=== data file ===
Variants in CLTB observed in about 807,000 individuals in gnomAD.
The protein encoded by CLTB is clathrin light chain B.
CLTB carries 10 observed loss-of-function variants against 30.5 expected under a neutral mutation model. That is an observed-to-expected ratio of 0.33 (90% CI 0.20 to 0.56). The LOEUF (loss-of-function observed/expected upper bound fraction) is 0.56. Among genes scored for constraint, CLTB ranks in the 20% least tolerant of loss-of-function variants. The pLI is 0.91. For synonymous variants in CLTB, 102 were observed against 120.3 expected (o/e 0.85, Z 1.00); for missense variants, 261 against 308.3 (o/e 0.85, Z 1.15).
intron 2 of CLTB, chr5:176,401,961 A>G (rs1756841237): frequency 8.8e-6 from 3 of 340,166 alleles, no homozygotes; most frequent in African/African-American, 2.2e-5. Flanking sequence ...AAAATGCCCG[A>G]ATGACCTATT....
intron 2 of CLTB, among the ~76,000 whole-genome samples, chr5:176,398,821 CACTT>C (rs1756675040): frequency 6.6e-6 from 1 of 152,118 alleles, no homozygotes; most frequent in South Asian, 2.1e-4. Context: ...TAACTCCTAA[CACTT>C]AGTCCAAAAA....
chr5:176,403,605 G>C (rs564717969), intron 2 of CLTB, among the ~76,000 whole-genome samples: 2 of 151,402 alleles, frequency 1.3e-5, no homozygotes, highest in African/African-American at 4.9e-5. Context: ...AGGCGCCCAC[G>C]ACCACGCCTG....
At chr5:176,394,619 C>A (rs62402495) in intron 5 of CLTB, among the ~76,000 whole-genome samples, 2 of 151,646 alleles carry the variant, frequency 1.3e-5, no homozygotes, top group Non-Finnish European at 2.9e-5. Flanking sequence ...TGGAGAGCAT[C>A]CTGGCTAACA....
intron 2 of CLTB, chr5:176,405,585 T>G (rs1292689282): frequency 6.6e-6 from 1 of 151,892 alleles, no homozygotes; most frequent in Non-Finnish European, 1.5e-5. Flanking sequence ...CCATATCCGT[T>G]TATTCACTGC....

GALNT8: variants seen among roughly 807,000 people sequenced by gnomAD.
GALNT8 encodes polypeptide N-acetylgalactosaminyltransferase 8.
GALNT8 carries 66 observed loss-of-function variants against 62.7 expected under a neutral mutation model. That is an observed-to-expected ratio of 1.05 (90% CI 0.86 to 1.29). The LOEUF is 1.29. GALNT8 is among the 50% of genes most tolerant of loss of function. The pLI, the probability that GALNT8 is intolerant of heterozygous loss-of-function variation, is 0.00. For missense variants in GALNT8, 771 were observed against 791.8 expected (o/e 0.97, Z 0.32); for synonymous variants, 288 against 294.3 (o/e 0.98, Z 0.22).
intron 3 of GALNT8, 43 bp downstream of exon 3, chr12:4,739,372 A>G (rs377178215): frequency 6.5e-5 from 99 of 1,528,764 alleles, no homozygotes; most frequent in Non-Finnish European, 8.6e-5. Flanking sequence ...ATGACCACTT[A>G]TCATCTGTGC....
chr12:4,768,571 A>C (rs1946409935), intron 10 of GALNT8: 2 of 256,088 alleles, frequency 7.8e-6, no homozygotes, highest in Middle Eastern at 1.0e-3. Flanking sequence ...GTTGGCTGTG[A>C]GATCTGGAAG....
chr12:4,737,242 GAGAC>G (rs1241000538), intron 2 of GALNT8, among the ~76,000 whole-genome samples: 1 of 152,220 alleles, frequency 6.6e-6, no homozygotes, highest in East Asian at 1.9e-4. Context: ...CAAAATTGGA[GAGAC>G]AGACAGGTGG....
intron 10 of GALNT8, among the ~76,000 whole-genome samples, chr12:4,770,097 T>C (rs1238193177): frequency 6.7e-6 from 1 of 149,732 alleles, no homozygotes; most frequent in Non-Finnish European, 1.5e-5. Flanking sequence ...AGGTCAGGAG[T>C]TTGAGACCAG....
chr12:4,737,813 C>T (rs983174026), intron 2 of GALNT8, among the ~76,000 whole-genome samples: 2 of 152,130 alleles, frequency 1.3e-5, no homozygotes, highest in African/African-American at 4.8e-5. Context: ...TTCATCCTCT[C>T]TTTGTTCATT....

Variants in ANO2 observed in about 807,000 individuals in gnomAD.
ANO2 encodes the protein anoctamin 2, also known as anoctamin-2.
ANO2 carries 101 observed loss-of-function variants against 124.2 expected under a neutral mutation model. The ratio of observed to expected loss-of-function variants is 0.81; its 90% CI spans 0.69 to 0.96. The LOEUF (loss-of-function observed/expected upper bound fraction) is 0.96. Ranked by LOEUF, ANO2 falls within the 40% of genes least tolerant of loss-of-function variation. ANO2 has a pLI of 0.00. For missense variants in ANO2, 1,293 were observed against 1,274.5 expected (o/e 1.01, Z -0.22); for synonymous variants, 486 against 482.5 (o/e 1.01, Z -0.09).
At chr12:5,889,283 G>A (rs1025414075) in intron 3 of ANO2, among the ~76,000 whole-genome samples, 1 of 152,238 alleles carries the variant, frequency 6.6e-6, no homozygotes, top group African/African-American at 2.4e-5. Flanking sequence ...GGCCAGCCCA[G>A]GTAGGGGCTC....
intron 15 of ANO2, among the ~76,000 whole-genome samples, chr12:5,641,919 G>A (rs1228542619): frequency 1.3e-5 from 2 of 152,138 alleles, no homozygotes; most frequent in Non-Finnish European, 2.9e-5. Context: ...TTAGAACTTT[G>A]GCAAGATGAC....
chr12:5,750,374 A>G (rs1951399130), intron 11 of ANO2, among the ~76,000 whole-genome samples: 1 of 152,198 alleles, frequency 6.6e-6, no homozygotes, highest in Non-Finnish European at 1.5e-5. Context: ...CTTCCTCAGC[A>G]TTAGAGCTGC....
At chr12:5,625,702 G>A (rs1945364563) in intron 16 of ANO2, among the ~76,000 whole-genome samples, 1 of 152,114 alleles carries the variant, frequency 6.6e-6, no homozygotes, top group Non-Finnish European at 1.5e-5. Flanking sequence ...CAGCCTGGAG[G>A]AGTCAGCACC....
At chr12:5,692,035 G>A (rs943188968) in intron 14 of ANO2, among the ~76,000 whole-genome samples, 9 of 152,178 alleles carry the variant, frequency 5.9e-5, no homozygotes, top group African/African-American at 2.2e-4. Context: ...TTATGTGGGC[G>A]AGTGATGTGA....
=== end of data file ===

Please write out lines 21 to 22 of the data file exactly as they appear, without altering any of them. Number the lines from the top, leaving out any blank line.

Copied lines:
intron 15 of ANO2, among the ~76,000 whole-genome samples, chr12:5,641,919 G>A (rs1228542619): frequency 1.3e-5 from 2 of 152,138 alleles, no homozygotes; most frequent in Non-Finnish European, 2.9e-5. Context: ...TTAGAACTTT[G>A]GCAAGATGAC....
chr12:5,750,374 A>G (rs1951399130), intron 11 of ANO2, among the ~76,000 whole-genome samples: 1 of 152,198 alleles, frequency 6.6e-6, no homozygotes, highest in Non-Finnish European at 1.5e-5. Context: ...CTTCCTCAGC[A>G]TTAGAGCTGC....